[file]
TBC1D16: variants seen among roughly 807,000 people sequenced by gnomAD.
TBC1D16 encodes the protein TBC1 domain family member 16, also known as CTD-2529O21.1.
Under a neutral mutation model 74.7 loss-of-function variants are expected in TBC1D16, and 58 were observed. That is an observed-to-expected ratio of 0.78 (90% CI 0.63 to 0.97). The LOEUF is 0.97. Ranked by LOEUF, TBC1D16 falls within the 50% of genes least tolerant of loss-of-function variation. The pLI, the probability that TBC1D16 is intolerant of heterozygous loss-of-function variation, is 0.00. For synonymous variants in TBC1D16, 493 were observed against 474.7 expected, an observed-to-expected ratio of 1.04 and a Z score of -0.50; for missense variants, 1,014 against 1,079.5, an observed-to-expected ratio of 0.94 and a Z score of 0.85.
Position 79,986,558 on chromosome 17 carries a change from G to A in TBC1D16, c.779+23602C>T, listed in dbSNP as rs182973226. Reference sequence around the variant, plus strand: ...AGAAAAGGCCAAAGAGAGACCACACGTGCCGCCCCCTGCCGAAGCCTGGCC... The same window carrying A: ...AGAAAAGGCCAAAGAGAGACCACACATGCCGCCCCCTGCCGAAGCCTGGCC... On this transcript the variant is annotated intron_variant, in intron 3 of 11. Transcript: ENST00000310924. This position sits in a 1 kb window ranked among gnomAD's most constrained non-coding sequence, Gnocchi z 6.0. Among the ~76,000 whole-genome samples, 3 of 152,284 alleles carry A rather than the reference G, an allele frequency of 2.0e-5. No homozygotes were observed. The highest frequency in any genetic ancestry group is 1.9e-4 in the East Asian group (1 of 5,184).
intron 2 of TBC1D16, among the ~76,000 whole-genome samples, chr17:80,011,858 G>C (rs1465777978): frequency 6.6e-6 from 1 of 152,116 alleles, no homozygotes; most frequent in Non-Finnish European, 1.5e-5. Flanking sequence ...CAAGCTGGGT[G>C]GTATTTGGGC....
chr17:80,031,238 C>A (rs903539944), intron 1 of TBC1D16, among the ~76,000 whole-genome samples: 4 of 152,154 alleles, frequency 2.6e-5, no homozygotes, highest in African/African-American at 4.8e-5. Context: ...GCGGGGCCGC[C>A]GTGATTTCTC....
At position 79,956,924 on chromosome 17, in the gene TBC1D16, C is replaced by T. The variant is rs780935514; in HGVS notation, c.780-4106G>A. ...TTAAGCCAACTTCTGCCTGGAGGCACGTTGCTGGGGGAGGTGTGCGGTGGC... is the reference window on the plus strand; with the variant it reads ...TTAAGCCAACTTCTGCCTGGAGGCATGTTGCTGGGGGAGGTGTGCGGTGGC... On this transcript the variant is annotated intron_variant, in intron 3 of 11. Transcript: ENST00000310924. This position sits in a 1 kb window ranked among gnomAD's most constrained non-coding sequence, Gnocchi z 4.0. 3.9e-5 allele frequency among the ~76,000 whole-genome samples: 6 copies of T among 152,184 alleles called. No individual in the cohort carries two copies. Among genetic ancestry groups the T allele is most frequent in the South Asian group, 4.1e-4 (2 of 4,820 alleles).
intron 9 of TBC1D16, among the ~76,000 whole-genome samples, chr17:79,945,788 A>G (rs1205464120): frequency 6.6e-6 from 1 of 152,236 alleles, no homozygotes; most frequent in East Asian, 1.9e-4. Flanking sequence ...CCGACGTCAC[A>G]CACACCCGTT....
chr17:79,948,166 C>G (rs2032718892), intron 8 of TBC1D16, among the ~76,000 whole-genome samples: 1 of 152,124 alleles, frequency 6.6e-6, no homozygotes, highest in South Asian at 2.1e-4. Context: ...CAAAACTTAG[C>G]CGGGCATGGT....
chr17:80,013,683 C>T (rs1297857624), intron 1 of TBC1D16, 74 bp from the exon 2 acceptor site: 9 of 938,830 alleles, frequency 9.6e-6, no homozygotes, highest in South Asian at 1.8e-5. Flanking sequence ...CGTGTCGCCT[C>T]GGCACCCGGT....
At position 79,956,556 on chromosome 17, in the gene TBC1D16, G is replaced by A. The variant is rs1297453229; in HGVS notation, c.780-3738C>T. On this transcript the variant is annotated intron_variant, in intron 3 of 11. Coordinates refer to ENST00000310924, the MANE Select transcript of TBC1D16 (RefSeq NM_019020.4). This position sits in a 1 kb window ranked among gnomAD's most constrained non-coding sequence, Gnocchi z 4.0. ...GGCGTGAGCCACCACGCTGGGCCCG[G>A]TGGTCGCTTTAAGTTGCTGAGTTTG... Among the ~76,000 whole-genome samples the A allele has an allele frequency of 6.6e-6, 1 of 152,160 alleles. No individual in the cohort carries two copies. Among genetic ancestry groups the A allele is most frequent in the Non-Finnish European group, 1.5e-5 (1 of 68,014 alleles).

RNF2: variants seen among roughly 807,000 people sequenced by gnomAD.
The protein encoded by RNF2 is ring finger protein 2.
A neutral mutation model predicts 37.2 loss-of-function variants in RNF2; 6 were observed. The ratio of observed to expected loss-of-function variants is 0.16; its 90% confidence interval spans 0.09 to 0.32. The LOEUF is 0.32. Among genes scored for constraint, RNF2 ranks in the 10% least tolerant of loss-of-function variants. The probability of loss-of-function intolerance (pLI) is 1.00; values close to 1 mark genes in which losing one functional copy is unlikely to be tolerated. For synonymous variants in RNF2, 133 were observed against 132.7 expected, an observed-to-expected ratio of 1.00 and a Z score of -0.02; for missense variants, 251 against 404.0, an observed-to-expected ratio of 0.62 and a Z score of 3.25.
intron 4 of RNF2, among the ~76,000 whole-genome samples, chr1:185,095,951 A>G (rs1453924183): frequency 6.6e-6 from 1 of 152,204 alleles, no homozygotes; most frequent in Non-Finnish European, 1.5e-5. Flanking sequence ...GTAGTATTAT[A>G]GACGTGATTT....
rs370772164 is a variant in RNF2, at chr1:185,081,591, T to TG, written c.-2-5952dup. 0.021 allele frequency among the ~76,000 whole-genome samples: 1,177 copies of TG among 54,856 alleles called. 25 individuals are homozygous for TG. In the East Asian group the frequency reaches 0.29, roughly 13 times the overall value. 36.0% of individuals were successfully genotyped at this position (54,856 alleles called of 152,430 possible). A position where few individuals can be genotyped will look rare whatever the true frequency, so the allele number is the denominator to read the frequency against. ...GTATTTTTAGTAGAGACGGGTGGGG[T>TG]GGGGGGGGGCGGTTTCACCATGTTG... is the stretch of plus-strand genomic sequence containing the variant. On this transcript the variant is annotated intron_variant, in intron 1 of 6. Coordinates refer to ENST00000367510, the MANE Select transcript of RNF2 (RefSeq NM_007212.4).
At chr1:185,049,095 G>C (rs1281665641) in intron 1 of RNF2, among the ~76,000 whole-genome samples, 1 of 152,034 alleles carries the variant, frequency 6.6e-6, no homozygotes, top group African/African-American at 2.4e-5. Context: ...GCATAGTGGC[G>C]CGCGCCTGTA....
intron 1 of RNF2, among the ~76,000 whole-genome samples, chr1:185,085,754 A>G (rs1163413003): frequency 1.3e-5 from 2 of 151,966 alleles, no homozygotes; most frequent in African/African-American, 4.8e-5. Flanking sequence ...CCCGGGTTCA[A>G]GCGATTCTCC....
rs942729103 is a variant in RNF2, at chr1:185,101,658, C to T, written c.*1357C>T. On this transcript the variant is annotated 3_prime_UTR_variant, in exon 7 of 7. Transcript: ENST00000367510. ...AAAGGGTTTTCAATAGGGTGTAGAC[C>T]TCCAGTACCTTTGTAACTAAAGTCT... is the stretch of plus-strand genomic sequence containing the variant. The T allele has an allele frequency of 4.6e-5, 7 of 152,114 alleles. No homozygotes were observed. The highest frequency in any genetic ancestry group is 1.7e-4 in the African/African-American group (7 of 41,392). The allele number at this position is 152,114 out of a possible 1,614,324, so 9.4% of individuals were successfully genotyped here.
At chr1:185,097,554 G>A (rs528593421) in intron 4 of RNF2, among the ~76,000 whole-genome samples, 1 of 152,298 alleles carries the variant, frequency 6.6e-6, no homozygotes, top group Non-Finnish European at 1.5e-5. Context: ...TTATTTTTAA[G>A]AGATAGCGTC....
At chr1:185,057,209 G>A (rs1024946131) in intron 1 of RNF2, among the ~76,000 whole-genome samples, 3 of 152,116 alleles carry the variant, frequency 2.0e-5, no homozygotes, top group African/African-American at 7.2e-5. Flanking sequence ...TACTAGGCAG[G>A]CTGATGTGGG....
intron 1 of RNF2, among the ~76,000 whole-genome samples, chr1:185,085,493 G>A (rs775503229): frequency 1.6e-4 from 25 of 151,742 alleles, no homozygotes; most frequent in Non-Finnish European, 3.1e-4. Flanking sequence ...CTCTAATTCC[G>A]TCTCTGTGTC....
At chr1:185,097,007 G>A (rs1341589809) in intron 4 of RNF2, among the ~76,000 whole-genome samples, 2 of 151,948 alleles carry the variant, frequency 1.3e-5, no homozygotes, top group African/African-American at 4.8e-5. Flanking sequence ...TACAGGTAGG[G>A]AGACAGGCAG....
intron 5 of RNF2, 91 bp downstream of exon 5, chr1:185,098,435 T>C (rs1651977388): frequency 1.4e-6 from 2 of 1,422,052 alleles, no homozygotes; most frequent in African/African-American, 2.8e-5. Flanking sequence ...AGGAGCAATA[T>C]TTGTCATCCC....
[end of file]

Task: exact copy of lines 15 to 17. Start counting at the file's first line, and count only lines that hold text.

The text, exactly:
intron 4 of RNF2, among the ~76,000 whole-genome samples, chr1:185,095,951 A>G (rs1453924183): frequency 6.6e-6 from 1 of 152,204 alleles, no homozygotes; most frequent in Non-Finnish European, 1.5e-5. Flanking sequence ...GTAGTATTAT[A>G]GACGTGATTT....
rs370772164 is a variant in RNF2, at chr1:185,081,591, T to TG, written c.-2-5952dup. 0.021 allele frequency among the ~76,000 whole-genome samples: 1,177 copies of TG among 54,856 alleles called. 25 individuals are homozygous for TG. In the East Asian group the frequency reaches 0.29, roughly 13 times the overall value. 36.0% of individuals were successfully genotyped at this position (54,856 alleles called of 152,430 possible). A position where few individuals can be genotyped will look rare whatever the true frequency, so the allele number is the denominator to read the frequency against. ...GTATTTTTAGTAGAGACGGGTGGGG[T>TG]GGGGGGGGGCGGTTTCACCATGTTG... is the stretch of plus-strand genomic sequence containing the variant. On this transcript the variant is annotated intron_variant, in intron 1 of 6. Coordinates refer to ENST00000367510, the MANE Select transcript of RNF2 (RefSeq NM_007212.4).
At chr1:185,049,095 G>C (rs1281665641) in intron 1 of RNF2, among the ~76,000 whole-genome samples, 1 of 152,034 alleles carries the variant, frequency 6.6e-6, no homozygotes, top group African/African-American at 2.4e-5. Context: ...GCATAGTGGC[G>C]CGCGCCTGTA....